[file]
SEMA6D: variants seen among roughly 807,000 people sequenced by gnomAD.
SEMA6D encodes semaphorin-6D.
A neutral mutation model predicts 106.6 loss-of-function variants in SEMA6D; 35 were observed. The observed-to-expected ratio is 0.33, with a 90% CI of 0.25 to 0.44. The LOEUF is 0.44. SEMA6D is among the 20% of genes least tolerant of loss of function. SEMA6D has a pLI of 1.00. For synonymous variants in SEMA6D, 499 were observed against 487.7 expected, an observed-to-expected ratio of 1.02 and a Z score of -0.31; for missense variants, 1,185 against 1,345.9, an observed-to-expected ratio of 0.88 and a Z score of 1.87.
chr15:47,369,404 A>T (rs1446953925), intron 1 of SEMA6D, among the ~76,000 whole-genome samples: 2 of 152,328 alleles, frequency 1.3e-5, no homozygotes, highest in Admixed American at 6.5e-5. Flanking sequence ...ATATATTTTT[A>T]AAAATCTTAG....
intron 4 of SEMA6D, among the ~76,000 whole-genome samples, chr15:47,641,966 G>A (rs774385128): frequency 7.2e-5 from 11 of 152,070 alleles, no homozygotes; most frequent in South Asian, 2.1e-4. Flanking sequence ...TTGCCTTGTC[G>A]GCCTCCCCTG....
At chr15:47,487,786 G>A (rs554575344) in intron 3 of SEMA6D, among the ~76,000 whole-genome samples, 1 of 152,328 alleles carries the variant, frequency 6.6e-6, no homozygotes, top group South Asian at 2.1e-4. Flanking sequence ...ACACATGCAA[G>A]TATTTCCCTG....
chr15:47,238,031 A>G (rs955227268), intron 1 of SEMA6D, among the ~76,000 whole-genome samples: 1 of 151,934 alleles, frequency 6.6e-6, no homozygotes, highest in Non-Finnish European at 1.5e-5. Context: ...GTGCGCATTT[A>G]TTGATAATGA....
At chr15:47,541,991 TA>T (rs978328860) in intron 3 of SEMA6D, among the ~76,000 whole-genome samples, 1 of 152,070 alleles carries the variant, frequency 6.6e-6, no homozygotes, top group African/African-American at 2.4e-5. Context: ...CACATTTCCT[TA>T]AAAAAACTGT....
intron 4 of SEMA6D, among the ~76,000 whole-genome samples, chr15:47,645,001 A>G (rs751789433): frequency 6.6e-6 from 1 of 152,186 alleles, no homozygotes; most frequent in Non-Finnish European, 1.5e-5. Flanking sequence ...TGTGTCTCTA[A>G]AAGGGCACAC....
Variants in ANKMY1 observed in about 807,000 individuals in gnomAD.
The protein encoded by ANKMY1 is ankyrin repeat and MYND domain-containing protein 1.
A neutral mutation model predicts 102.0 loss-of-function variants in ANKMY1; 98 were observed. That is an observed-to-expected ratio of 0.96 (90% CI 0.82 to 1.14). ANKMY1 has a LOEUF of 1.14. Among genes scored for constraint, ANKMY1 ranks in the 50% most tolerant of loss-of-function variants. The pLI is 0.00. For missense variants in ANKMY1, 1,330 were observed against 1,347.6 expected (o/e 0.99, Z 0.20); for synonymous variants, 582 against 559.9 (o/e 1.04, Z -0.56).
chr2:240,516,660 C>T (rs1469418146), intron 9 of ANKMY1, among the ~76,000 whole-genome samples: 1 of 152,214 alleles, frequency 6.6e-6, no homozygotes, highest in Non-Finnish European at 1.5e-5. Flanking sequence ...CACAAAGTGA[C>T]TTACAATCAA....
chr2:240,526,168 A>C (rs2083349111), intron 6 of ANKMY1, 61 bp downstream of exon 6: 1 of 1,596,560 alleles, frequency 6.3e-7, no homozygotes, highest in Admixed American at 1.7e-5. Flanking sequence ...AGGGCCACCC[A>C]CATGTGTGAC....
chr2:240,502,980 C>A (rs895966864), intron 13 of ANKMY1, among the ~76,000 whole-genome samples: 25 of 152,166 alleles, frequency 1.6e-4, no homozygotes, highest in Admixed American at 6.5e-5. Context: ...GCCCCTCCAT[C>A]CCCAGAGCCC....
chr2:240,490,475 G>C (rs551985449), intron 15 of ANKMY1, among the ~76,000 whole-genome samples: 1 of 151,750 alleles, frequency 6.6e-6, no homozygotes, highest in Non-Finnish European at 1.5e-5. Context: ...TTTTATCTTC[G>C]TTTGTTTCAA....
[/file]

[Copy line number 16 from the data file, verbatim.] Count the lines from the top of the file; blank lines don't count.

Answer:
chr2:240,490,475 G>C (rs551985449), intron 15 of ANKMY1, among the ~76,000 whole-genome samples: 1 of 151,750 alleles, frequency 6.6e-6, no homozygotes, highest in Non-Finnish European at 1.5e-5. Context: ...TTTTATCTTC[G>C]TTTGTTTCAA....